We have it hardwired in us to respond to visual prompts. So we automatically want to see images – it’s what our brains seek out first, in order to make sense of the page, and learn what it is about.
Then, if we’re pleased with what we see, we start reading.
Statistics say that online content with images get 94% more views than those without – that’s almost double. For that reason alone, I think it’s worth putting some thought into.
The main thing to remember is that all images need to compliment the content they appear alongside. The purpose should be to draw the person in and compel them to read your content.
Bear in mind that nowadays, most people will have access to smartphones, and so for many of them, this is how they will see your web content. Make sure that the images you choose look good on both monitors and phone screens.
You’ll also want to think about your overall branding – every image you use, whether that’s in the form of photographs or graphics, need to tie in with the rest of your branding. Consider colours, composition, and style, and make sure that everything follows the same theme.
The images you use should be the correct resolution – people can see poor quality a mile off, and if your images look shoddy, then so will the rest of your site.
There’s an old cliché that people buy from people – and it’s true. The most clickable images are always those which show a personal element to your business. That might be candid images of the work that you do, a sneak peek of your office or workspace, or even a short video of you giving some insight into a process that you could share with people.
Tell a story; show people who you are, and what they can expect if they hire you or buy from you. Let them see how you work, and some of the behind the scenes stuff you do in order to provide the service that you do.
The images you use on your website also dictate largely how you use your social media platforms. As well as building an audience via social, your social media platforms should also encourage people onto your website.
Changes in algorithms over the past couple of years means that reach has dropped significantly, so anything you can do to encourage “meaningful interactions” (their words, not mine) will increase the number of people who see your posts.
Using well thought out images can be a way to get people to read your posts, and comment on them, giving you more reach, and therefore lead more people to your website.
In view of what’s going on right now in the world, it was perhaps pre-determined that I should focus my design on the category of Mental Health, and looking at a group of people who are particularly often ‘missed out’ of the equation – our Emergency Services.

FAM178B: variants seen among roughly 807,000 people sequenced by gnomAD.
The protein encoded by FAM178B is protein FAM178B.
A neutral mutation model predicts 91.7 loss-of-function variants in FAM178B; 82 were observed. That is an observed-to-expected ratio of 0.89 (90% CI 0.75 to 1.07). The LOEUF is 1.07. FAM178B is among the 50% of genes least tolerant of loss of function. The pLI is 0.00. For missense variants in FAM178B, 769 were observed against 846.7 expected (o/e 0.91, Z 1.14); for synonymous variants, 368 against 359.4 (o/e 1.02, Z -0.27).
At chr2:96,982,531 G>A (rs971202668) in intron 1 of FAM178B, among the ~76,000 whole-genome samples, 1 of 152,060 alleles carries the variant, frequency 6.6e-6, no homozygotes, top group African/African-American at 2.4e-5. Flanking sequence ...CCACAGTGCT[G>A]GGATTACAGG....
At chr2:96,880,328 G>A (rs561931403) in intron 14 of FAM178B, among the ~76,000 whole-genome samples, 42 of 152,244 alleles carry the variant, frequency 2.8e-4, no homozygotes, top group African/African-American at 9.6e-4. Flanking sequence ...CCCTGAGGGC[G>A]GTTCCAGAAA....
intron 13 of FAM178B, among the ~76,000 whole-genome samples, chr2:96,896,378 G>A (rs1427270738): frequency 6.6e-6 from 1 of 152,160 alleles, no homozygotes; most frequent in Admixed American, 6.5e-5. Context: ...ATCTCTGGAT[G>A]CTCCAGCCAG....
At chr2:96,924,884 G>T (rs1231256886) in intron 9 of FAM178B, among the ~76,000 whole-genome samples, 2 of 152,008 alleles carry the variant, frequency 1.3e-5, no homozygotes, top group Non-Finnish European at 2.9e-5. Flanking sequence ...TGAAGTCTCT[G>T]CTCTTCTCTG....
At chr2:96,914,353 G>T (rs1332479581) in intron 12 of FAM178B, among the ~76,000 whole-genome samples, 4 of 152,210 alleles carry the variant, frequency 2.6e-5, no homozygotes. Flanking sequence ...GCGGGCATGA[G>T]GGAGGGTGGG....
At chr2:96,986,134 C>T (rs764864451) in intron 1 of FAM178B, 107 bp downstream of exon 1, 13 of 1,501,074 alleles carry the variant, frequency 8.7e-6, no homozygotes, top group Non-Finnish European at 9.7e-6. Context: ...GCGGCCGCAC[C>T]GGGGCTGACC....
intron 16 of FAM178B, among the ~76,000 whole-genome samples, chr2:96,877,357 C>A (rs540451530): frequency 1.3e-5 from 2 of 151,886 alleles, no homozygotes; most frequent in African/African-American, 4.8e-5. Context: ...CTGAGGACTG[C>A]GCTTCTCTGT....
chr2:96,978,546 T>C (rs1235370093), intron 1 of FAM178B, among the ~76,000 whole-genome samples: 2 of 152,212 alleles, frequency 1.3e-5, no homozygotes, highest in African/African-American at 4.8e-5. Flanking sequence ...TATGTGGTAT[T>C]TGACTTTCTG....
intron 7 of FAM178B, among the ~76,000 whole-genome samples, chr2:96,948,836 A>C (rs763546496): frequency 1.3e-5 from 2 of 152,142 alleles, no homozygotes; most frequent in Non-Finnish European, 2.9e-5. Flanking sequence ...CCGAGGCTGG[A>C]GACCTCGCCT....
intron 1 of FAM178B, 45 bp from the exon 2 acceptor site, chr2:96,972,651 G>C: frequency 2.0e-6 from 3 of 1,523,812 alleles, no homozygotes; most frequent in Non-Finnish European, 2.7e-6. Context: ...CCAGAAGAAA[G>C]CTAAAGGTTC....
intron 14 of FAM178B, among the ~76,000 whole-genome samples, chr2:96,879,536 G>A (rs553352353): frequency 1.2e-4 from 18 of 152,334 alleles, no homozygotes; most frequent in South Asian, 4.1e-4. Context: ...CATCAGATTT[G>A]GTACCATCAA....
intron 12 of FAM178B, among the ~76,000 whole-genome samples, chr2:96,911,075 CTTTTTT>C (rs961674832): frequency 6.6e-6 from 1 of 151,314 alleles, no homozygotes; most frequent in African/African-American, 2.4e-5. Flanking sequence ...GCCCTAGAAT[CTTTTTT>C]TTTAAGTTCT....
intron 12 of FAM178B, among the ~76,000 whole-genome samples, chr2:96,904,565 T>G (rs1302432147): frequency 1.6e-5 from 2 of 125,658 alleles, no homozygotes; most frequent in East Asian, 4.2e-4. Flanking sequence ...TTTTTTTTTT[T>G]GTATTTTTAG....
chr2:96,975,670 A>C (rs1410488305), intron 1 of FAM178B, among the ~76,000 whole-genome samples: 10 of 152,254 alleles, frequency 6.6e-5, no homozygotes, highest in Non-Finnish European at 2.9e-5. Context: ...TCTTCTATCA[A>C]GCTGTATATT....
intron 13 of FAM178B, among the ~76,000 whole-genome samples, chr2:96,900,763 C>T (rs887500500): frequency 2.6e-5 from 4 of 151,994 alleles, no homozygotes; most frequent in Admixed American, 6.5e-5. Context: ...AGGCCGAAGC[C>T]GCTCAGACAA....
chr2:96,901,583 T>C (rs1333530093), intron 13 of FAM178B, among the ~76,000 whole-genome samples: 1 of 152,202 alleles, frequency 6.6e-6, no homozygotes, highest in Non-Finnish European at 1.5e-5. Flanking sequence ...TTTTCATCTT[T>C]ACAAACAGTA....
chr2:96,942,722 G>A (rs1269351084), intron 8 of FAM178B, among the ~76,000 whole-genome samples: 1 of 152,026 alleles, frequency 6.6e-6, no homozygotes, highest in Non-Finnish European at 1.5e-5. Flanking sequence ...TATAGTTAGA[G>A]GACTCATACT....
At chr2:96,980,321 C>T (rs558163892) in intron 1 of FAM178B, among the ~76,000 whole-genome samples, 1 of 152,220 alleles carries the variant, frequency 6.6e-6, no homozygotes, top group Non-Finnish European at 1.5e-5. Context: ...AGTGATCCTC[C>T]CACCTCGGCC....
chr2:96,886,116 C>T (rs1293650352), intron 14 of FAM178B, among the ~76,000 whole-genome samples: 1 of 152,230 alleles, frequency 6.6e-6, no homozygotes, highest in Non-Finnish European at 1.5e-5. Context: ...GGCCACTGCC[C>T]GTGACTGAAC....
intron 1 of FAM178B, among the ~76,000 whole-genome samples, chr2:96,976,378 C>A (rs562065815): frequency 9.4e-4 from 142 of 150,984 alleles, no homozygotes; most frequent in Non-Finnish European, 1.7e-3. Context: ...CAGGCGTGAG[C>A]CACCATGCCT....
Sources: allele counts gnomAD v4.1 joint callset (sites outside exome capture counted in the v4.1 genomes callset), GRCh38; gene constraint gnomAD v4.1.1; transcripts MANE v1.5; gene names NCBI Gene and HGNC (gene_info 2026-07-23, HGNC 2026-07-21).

This is a section of our community who are often called upon when we ourselves are facing trauma, mental instability, and the emotional fallout of injury and illness, but we neglect to consider that they too are on the frontline dealing with often unimaginable pressures every day.
Like no other, this is a section of the workforce who are expected to be able to deal with all kinds of emergency situations, and in many cases feel that they have to cope with those situation on their own, or relying only on the team around them who are going through the same things.
“It’s when you’re on your own afterwards you have time to process, and think about it and everything hits you at once”
As I began to look further into it, I uncovered some worrying facts and stories. I heard reports of police officers who were suffering from varying degrees of stress and anxiety, who continued to work under the same pressure, being forced to try to manage their issues alone without support.
I learned about more and more instances of physical abuse from the very people they were trying to help, resulting in injury, and even death.
I read worrying statistics of members of the emergency services and military who, due to immense pressures, had attempted to take their own lives.
So I set about researching things that could help raise awareness of the issue, and offer advice, help, and support to those who needed it.
“Now, ‘lone-wolf’ or ‘active shooter’ situations, the policy is that the first to arrive on-scene go straight in”
The concept of a self-help/self-awareness app appealed to me, because I felt that from speaking to those who were affected, mainly focussing on the police force, it could be used as a tool which was discreet – many of the officers I spoke to felt there was a stigma in the force around mental health, and the possibility of simply ‘raising awareness’ with the general public had the danger of undermining their authority, and in some cases making them a target for abuse.
By giving them the option of being able to log on to an app, I could then offer them a way of recording their mental state, and give them a space to ‘talk out’ their feelings in private, without judgement. In this, the app could offer them practical advice based on their individual circumstances, helping them to gain control over their feelings, and take action.
This was a very different project for me – it meant that I had to delve into a subject that I previously had only a basic understanding of, and forced me to thin about ways of designing something for a very specific set of people. From the styles and colours I used, to the language and tone, every element had to come together in a way which could be clearly understood, was visually impactful, yet made the user feel that the space within it was peaceful, personal, and friendly – even the name ‘OPPO’, meaning ‘Friend’, gives a sense of support with no judgement.
All in all, it was a fantastic project to work on. And clearly one which appealed to the judges too.
Take a look at our case study for more project details.